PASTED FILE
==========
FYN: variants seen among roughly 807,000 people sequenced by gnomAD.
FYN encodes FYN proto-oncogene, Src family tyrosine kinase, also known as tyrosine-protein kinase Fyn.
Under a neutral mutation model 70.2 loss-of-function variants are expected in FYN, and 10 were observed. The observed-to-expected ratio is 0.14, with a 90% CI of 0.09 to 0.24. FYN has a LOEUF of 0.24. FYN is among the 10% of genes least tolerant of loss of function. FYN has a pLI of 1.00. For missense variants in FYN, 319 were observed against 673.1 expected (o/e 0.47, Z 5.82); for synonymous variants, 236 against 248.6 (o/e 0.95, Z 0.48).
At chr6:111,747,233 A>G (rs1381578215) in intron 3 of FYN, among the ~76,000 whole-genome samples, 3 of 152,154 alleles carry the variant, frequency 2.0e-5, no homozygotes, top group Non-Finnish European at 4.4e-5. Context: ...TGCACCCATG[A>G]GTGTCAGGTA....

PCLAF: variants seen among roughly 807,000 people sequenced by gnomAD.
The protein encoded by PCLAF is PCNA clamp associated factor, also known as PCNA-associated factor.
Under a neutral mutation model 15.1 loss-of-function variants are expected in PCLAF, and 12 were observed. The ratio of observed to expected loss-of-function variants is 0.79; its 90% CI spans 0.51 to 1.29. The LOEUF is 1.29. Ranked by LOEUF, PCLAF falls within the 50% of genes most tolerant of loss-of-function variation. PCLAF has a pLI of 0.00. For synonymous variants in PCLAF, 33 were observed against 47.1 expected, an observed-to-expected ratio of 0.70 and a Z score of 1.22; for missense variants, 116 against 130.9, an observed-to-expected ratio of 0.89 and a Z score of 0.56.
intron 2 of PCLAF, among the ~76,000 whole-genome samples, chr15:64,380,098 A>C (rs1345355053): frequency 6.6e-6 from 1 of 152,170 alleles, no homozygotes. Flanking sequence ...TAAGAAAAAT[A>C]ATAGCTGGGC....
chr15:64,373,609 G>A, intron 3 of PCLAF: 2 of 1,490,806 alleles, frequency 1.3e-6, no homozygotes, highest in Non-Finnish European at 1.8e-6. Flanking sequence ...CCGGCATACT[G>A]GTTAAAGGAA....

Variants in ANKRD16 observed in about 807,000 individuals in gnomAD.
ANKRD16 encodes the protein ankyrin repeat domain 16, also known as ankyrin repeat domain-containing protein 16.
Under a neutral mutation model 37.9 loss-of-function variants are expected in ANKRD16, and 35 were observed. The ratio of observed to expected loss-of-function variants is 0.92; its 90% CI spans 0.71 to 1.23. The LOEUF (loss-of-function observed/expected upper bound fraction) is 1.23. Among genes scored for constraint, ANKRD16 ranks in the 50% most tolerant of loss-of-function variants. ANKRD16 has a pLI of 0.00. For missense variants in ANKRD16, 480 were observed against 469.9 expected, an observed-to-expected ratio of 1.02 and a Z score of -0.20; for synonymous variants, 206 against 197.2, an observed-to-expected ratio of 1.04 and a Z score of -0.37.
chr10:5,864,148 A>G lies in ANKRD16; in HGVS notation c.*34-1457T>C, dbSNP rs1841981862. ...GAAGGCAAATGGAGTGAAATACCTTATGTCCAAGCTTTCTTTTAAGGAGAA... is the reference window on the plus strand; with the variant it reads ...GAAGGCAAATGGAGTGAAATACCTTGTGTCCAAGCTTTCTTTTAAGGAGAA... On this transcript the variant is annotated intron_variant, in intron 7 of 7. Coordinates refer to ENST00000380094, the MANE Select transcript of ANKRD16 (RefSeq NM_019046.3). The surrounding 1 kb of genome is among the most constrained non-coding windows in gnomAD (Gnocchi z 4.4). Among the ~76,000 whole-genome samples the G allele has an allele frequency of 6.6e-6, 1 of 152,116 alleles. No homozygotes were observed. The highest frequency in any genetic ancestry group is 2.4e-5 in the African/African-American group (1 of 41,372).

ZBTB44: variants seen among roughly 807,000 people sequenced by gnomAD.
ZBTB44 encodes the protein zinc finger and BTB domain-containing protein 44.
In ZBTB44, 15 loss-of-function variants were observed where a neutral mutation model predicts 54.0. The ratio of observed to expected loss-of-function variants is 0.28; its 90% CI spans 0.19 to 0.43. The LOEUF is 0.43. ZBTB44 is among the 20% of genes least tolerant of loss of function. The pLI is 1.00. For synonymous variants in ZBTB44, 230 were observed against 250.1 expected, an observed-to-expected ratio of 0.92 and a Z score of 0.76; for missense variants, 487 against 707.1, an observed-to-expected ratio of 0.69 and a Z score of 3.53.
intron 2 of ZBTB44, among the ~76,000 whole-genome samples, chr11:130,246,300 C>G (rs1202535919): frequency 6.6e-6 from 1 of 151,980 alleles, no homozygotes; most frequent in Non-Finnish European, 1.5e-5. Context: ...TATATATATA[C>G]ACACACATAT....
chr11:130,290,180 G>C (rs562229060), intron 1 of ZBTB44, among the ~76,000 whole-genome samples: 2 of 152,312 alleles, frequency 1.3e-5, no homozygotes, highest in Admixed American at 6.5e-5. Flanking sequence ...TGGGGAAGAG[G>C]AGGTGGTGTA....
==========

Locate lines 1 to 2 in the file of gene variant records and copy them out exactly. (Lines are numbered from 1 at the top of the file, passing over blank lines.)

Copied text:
FYN: variants seen among roughly 807,000 people sequenced by gnomAD.
FYN encodes FYN proto-oncogene, Src family tyrosine kinase, also known as tyrosine-protein kinase Fyn.